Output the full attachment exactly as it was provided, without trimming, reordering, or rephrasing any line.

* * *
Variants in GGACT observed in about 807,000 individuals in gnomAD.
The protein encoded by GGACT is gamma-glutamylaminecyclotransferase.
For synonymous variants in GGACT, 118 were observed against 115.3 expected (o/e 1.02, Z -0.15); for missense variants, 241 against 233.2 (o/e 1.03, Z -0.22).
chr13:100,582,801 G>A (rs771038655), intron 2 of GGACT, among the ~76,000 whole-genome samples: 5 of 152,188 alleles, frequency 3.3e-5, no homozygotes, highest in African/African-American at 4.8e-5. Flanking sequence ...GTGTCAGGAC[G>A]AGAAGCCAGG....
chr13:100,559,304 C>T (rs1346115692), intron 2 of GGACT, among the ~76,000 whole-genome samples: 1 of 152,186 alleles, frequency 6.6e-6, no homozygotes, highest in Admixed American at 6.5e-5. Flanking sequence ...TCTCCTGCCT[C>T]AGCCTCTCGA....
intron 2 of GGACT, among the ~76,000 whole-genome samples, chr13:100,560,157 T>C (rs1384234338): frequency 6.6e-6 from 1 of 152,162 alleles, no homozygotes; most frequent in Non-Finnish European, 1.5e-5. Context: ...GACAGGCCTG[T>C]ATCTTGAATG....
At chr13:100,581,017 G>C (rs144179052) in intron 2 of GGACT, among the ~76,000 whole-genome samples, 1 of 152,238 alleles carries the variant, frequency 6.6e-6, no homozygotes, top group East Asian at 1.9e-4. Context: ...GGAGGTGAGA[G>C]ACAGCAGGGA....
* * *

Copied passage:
Variants in GGACT observed in about 807,000 individuals in gnomAD.
The protein encoded by GGACT is gamma-glutamylaminecyclotransferase.
For synonymous variants in GGACT, 118 were observed against 115.3 expected (o/e 1.02, Z -0.15); for missense variants, 241 against 233.2 (o/e 1.03, Z -0.22).
chr13:100,582,801 G>A (rs771038655), intron 2 of GGACT, among the ~76,000 whole-genome samples: 5 of 152,188 alleles, frequency 3.3e-5, no homozygotes, highest in African/African-American at 4.8e-5. Flanking sequence ...GTGTCAGGAC[G>A]AGAAGCCAGG....
chr13:100,559,304 C>T (rs1346115692), intron 2 of GGACT, among the ~76,000 whole-genome samples: 1 of 152,186 alleles, frequency 6.6e-6, no homozygotes, highest in Admixed American at 6.5e-5. Flanking sequence ...TCTCCTGCCT[C>T]AGCCTCTCGA....
intron 2 of GGACT, among the ~76,000 whole-genome samples, chr13:100,560,157 T>C (rs1384234338): frequency 6.6e-6 from 1 of 152,162 alleles, no homozygotes; most frequent in Non-Finnish European, 1.5e-5. Context: ...GACAGGCCTG[T>C]ATCTTGAATG....
At chr13:100,581,017 G>C (rs144179052) in intron 2 of GGACT, among the ~76,000 whole-genome samples, 1 of 152,238 alleles carries the variant, frequency 6.6e-6, no homozygotes, top group East Asian at 1.9e-4. Context: ...GGAGGTGAGA[G>C]ACAGCAGGGA....